The University of Manchester

University of Manchester | Eric McInnes 2019

The University of Manchester is the UK’s largest single-site university, with around 6,800 academic and research staff and a student body of approximately 40,000. The university can trace its roots to 1824, and was England’s first civic university. It has a proud research history, laying claim to 25 Nobel Prize winners amongst its current and former staff and students. Famous firsts including splitting of the atom and creation of the first programmable computer. The University was ranked 33rd in the world (6th in the UK) in the 2019 Academic Ranking of World Universities. The Department of Chemistry is one of the largest in Europe, with over 80 academic staff, >140 postdoctoral researchers and >300 postgraduate research students. It was ranked 27th globally for chemistry in the QS Rankings 2018, and holds an Athena Swan Silver award for its initiatives in equality, diversity and inclusion. Manchester has a long history in EPR spectroscopy, and is host to the EPSRC National EPR Facility.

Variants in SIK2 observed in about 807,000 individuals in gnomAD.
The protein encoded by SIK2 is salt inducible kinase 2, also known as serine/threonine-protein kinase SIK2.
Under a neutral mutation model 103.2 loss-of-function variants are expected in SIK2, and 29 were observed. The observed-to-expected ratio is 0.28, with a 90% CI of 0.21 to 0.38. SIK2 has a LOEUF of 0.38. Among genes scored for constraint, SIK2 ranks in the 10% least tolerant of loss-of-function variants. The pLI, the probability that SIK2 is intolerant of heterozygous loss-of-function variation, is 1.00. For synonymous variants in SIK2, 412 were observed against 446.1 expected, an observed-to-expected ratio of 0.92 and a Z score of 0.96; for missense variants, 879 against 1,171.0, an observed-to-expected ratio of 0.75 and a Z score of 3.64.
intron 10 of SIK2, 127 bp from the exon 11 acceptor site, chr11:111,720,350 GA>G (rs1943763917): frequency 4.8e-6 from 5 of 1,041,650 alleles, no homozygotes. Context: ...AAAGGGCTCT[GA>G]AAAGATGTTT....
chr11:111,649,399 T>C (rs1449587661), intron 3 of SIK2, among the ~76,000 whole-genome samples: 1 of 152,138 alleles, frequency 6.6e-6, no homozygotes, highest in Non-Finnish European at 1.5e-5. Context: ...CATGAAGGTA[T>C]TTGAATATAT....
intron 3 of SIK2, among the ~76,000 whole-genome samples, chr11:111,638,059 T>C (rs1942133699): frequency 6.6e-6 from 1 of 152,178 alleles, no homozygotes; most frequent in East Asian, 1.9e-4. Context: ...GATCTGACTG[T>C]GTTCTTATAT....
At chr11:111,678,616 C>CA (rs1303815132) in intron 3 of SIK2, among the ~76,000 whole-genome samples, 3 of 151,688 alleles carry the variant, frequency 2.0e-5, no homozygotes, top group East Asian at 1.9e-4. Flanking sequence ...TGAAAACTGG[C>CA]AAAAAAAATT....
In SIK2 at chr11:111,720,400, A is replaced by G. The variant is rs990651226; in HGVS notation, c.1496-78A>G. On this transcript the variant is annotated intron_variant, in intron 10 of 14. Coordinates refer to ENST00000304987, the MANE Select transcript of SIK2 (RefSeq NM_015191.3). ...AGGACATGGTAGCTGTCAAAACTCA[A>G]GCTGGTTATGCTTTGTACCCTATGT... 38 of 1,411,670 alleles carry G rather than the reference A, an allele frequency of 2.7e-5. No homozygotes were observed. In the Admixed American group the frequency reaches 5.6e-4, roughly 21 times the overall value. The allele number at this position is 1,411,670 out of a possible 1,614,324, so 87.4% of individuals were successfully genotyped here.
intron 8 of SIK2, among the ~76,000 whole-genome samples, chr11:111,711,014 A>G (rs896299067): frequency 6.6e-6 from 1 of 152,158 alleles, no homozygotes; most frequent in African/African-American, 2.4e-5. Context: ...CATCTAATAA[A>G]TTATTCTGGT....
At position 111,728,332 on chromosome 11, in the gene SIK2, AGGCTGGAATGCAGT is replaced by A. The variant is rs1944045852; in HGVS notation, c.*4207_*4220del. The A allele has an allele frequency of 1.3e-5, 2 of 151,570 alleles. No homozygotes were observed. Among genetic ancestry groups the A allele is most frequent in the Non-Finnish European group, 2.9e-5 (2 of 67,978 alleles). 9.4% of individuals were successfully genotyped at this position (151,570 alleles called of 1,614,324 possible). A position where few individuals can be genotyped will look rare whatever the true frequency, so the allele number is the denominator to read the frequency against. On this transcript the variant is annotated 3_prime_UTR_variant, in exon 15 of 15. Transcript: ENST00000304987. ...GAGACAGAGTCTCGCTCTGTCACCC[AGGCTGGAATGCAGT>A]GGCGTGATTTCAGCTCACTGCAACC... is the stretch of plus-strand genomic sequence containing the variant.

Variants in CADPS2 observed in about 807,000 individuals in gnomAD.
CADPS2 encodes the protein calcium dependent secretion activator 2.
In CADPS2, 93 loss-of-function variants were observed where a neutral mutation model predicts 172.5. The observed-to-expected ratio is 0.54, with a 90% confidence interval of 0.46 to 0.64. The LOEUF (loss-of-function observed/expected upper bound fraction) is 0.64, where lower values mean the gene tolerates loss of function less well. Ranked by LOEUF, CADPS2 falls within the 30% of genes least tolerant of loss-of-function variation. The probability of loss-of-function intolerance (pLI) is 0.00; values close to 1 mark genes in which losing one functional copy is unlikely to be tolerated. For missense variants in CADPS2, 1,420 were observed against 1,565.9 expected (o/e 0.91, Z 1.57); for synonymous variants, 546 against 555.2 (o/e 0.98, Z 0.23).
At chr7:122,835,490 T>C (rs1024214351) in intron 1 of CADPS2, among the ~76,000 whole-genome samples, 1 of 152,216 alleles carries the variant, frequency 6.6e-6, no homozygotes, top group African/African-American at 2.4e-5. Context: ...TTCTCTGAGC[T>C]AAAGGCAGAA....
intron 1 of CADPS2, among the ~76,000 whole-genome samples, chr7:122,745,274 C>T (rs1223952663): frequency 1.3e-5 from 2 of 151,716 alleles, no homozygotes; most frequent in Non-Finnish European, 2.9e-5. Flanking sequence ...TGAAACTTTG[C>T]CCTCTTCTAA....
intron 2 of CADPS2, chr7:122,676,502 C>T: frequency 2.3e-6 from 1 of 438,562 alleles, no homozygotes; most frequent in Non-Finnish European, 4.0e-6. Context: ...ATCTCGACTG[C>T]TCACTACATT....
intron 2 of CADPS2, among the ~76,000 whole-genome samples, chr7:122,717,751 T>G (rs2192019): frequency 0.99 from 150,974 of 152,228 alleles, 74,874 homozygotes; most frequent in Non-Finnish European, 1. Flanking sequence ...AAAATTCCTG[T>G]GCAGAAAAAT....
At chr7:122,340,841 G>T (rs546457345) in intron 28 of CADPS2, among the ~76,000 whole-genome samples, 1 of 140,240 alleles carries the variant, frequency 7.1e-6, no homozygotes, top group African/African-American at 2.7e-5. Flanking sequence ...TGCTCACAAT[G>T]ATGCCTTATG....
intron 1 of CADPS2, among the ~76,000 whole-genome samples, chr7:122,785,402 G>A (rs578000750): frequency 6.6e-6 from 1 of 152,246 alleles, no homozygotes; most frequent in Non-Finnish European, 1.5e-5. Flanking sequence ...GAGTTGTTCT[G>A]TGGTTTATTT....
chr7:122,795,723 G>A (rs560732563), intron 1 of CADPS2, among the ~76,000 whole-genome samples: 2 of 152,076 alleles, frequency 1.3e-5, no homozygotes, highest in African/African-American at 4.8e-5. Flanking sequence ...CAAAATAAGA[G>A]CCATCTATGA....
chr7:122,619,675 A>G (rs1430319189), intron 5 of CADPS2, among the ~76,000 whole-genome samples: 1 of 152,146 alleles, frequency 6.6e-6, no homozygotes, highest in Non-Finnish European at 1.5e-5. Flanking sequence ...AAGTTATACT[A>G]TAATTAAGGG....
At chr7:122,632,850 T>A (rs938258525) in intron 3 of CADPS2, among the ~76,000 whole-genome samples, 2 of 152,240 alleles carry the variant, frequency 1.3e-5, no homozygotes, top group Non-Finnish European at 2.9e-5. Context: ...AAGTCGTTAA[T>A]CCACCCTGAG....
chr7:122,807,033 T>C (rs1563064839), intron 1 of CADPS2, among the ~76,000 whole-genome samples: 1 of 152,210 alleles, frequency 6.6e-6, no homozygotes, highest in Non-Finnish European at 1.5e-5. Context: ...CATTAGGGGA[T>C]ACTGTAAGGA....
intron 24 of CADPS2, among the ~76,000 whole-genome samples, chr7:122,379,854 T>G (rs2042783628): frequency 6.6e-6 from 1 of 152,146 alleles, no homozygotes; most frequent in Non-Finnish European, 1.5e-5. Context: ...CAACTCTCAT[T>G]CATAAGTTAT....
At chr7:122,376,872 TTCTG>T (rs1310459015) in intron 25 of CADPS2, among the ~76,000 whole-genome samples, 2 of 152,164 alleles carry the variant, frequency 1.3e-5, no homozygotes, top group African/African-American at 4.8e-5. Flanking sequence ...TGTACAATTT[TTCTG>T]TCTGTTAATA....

Conference Venue

The conference will be held in the Alliance Manchester Business School (AMBS), at the heart of the main University campus, less than a mile from the city centre. The newly refurbished AMBS is part of University Green, a major new teaching, learning, leisure and retail development. Accommodation and evening catering will be in the 4-star Crowne Plaza Manchester Oxford Road hotel, also on University Green. The conference banquet will be held in the grand setting of Manchester Museum.


Alliance Manchester Business School Main Building

City of Manchester

Manchester started life as a Roman settlement, but turned into the world’s first industrial city during the industrial revolution of the 18th and 19th centuries, even being the site of the world’s first railway station, also leading to the establishment the University’s predecessor institutions, which in turn opened the doors of education to the British working classes. The Chartist, trade union and suffragette movements can all trace their roots back to Manchester. The statues of John Dalton and James Joules that welcome visitors to Manchester Town Hall demonstrate the importance of the city to the development of science and technology and vice versa. The city has an international sporting pedigree and one of the richest and most influential arts and music scenes.